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From Jacksonville Beach, FL

Tuesday, April 10, 2012

Beached, or our great boating adventure

                                         We leave the marina in high spirits, not knowing
                                         what our day would bring.

 Easter weekend  my daughter, son-in-law, and three grandchildren came for a visit.  We decided to enjoy spring by renting a pontoon boat in St. Augustine for a cruise down the Intracoastal.  After packing a picnic, gearing up the fishing rods, and receiving a few brief instructions from the boat rental assistant, we set off in great spirits jouncing  over the waves. The wind was strong, the water rough, but we didn't care.  We were together, it was sunny and we were on the water.   
     After forty-five minutes, we were hungry and looked for a place to drop anchor and bring out the picnic.  We spotted an oyster shell beach that looked just right.   We  eased up parallel to the bank, sat back in the sun with food and drink to enjoy ourselves.  The grandsons set up the fishing gear. We lathered ourselves in sunscreen and decided though slow, a pontoon is the way to go.  

On board headed for fun

My husband enjoys the drive, or is it called steering.

      After some time, my son-in-law observed that the tide was going out and perhaps we should leave or it might be hard to get out.  We laughed at the idea of getting stuck.  My husband cranked up the engine.  We didn't move, but we did stir up a bit of mud. 
     Then, someone had the idea of everyone pushing the boat further into the water.  We stepped knee deep into mud and my grandson cut his toe on an oyster shell.  This wasn't working.  We pushed from every direction.  Nothing happened.  That heavy pontoon was beached like a whale. An elderly man, definitely an old salt type, walked down the beach to see what was going on.  I think we amused him.  He watched for a long time, had no suggestion except to wait for the tide to change--about six hours away.   He did say we were not the first to get beached on that bit of sand.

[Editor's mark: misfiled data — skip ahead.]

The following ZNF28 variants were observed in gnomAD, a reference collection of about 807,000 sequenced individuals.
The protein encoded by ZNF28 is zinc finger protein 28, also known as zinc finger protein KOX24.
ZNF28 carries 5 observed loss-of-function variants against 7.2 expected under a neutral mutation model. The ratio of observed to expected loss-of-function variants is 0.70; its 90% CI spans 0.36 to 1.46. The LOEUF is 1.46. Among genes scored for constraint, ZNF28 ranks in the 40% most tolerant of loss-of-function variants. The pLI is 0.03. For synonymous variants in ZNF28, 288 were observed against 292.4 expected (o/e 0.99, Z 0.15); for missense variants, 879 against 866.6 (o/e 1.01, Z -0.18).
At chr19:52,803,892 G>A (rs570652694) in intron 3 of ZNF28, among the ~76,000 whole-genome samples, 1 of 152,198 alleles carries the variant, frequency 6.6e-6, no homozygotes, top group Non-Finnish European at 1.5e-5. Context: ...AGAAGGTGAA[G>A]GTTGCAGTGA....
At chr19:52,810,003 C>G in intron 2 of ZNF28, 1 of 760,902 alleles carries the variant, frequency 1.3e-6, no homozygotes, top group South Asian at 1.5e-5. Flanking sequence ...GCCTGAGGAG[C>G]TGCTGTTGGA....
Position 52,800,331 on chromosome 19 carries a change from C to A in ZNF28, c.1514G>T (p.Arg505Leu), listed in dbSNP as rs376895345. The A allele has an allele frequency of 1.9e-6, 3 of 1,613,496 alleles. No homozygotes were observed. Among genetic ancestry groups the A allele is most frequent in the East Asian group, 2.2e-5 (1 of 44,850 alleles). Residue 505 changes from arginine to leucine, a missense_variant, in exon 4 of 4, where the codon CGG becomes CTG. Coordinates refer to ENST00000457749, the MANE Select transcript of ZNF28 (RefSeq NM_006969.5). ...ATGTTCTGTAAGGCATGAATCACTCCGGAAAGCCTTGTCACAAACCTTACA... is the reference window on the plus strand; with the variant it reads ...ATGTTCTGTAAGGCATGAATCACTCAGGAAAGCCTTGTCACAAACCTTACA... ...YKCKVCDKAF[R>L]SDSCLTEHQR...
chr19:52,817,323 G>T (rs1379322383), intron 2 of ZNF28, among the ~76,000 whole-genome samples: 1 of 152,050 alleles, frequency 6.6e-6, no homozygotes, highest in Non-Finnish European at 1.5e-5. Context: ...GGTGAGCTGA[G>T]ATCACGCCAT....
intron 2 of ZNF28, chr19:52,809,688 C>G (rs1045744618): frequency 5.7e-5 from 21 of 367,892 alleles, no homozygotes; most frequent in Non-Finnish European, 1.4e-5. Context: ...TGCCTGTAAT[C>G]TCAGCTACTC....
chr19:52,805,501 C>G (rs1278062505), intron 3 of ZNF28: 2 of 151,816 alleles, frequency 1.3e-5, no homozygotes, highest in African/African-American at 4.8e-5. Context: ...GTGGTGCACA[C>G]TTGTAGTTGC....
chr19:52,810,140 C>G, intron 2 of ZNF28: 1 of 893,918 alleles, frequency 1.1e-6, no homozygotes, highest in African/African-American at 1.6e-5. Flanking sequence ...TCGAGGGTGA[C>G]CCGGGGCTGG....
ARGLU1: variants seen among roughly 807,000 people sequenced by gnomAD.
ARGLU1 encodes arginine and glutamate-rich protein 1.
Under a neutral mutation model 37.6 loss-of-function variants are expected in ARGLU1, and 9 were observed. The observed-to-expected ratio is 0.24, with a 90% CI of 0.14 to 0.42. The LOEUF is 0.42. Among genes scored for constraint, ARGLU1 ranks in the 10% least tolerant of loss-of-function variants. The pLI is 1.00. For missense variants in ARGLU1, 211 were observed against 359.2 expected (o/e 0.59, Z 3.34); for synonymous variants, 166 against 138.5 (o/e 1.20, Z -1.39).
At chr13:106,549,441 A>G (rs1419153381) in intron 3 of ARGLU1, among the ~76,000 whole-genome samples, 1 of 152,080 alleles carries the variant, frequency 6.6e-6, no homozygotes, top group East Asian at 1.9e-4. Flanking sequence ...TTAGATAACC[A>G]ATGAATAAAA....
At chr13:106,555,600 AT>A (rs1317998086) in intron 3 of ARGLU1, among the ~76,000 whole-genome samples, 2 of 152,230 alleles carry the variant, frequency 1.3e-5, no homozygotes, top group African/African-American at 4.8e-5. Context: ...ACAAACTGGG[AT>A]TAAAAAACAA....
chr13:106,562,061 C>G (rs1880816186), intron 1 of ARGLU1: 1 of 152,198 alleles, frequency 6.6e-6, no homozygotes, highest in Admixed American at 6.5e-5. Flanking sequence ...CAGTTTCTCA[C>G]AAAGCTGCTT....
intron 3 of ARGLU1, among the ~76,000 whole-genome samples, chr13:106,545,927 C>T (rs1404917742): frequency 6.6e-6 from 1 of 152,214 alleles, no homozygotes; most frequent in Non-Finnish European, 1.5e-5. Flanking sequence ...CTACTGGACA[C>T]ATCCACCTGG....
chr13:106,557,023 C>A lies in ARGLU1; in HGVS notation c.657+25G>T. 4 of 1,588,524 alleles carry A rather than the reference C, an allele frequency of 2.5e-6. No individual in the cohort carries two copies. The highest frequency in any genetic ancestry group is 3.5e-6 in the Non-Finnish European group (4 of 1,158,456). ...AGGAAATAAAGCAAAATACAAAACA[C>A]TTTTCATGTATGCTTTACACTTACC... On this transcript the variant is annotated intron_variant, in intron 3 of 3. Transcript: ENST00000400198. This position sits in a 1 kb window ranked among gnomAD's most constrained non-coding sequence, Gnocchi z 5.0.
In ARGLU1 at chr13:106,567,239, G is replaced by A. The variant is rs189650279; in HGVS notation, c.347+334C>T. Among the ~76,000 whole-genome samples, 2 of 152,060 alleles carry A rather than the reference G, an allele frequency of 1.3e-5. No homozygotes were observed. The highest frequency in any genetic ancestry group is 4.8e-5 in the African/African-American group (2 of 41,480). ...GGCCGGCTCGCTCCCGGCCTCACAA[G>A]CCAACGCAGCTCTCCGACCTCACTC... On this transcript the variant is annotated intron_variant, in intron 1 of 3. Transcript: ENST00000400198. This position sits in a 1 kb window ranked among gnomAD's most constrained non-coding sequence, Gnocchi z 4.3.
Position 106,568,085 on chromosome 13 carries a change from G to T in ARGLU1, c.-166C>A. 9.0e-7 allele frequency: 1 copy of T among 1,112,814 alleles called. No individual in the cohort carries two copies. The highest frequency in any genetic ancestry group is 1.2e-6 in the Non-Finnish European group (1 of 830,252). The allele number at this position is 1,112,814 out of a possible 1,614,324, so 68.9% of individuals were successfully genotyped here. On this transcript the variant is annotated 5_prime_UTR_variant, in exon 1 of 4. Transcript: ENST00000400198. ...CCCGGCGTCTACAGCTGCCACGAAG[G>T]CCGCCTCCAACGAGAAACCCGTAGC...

We try to push the boat into the water

We try a board, much like we had a flat tire.
Note the mud

A local comes down to observe, but then it 
was his property.

     Long story short, we called the rental marina with our  story.  They agreed to come pick us up in a speed boat and return the next day to get the pontoon boat. They had the last word though, an extra charge of $150 for us for their trouble. Before we got back to the marina, my granddaughter already had our great adventure on Facebook.  

We leave the boat high and dry on the beach.

We are rescued by speed boat

      There is one very great irony I have yet to mention and the cause of a lot of embarrassed laughter during the whole incident. This was not our first experience being rescued from a pontoon boat. 
    Our group rented a pontoon boat from the very same marina five years ago.   We were out less than 30 minutes before a fierce summer storm blew up.  The boat was rocking wildly, rain and wind were assaulting us, but the lightning was the scary part.  We managed to get to a private dock and the owners kindly let us retreat to a little cabin on the property, which must have been previously owned by Swamp People.  Snake and alligator skins decorated the walls and floors.  We waited two hours before being rescued that time.  The kids want to try again, but I don't know.  I fear the word is out up and down the Intracoastal--"Don't rent to those people!!"

Our very wet cabin after being caught in a rainstorm on 
our first pontoon adventure five years ago.
 This time the rescue was by car.  What 
would we do without cell phones!

My beautiful, wonderful family. After our boating fiasco, we
enjoy St. George Street in St. Augustine and a dinner.

JoAnne and Dan, St. George Street



  1. An adventure on the high seas...or low seas I suppose!! Looks like you made the best of it in the end!

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